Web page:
Demise of Railways is Bad News for Adventurers

End of northern Ontario rail service threatens wilderness paddling

BY CONOR MIHELL Nearly a century has passed since a collective of landscape painters rode the rails deep into the wilderness of northern Ontario and defined an iconic, uniquely Canadian style of art. Between 1918 and 1922, Lawren Harris, J.E.H. MacDonald, A.Y. Jackson, Arthur Lismer and Frank Johnston—members of Canada’s legendary Group of Seven—traveled in boxcars to access rugged hillsides, waterfalls and autumn colors of Algoma, just north of the Great Lakes. They spent their days sketching from canoes and camped out on chilly spring and fall nights. MacDonald’s Solemn Land, Lismer’s Somber Hill, Algoma, Harris’ Algoma Waterfall and Jackson’s First Snow, Algoma are the notable results of this definitive era of painting. The artists’ journals documented their travels and sense of awe for a landscape that remains much the same today. MacDonald called the Agawa Canyon—the jumping-off point for a classic overnight whitewater canoe trip on the Agawa River, which flows into Lake Superior—“the original site of the Garden of Eden … a little Yosemite.” Things are poised to change this year. Last fall, the Canadian government quietly withdrew its $2.2 million annual funding for passenger trains on the Algoma Central Railway; and in late January, rail giant CN, the ACR line operator, announced it would terminate the service this spring.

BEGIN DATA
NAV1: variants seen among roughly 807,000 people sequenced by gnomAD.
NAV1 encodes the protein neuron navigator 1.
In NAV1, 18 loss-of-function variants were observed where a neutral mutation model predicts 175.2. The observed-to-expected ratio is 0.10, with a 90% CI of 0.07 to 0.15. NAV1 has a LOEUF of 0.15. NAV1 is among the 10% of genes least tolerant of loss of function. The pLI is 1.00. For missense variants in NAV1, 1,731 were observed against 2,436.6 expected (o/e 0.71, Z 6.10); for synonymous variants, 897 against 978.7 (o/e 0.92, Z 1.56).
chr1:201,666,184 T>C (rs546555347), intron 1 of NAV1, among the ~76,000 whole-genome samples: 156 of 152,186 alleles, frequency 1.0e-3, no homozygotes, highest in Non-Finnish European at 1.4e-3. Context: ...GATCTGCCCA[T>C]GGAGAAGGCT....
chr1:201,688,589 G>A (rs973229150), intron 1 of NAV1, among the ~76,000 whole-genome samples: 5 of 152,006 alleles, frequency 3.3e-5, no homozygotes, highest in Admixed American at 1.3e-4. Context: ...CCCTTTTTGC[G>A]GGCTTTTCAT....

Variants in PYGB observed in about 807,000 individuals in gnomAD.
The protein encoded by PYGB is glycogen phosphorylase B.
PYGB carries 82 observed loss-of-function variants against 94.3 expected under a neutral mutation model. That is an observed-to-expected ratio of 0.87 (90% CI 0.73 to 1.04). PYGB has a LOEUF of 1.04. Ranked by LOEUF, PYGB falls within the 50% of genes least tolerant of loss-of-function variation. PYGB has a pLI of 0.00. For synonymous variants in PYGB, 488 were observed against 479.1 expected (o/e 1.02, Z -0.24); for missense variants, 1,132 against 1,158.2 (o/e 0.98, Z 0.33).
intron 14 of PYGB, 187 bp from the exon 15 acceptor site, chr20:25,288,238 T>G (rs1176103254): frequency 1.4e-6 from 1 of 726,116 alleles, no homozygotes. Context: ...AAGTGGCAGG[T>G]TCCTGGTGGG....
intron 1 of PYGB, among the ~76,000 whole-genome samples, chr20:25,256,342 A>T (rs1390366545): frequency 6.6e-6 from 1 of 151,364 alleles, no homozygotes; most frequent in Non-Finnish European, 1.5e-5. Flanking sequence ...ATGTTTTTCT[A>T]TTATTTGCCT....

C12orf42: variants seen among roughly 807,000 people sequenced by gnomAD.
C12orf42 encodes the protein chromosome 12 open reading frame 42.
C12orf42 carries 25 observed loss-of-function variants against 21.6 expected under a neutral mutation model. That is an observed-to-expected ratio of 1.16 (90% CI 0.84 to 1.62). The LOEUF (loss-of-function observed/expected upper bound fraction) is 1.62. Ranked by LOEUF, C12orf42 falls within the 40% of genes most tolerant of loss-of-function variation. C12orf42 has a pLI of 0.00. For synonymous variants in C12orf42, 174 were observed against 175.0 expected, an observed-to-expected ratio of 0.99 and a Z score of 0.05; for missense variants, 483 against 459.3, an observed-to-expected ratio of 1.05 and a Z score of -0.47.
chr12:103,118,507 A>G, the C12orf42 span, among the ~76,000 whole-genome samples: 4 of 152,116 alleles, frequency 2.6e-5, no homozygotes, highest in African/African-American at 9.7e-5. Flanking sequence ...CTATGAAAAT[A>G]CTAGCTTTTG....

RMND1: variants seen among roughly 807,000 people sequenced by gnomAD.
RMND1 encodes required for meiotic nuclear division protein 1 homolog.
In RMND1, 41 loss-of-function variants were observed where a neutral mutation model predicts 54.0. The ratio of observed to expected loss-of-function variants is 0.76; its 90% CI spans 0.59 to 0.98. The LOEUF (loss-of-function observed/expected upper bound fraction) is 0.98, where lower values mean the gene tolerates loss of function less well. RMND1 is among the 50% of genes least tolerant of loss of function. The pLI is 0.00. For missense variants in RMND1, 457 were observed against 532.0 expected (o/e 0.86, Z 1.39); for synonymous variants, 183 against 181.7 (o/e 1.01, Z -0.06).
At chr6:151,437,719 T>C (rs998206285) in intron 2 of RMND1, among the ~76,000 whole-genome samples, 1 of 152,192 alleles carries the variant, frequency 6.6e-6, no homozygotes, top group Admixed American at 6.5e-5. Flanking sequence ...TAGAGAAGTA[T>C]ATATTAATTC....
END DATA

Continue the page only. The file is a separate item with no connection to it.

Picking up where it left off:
End of Railways

Photo: Conor Mihell

Yet the passenger train is essential for canoeists and whitewater kayakers looking to access some of the best wilderness paddling in the Midwest. The decision impacts numerous outfitters, cottagers, as well as distinguished outdoor adventurers and photojournalists Gary and Joanie McGuffin, who are in the midst of a six-year project to rediscover and photograph the exact locations of the Group of Seven paintings. Along with art historian Michael Burtch, the McGuffins are currently working on a documentary about their work with Toronto-based White Pine Pictures. “This project is unique in that so few places in the world can boast of a landscape that has remained relatively pristine throughout the past century of industrialization and urbanization,” wrote Burtch and the McGuffins in a letter to Canadian transportation minister Lisa Raitt. Efforts spearheaded by the Coalition for Algoma Passenger Trains have pressured the government into considering a funding extension to develop a long-term solution for the ACR passenger train. “The photographic record that we have created of over 100 sites attests to the remarkable preservation of these iconic places,” continued Burtch and the McGuffins. “Accessibility to many of these sites is possible only by rail, as was the case in the years that the Group of Seven made history here.”

ACR_2

Photo Conor Mihell

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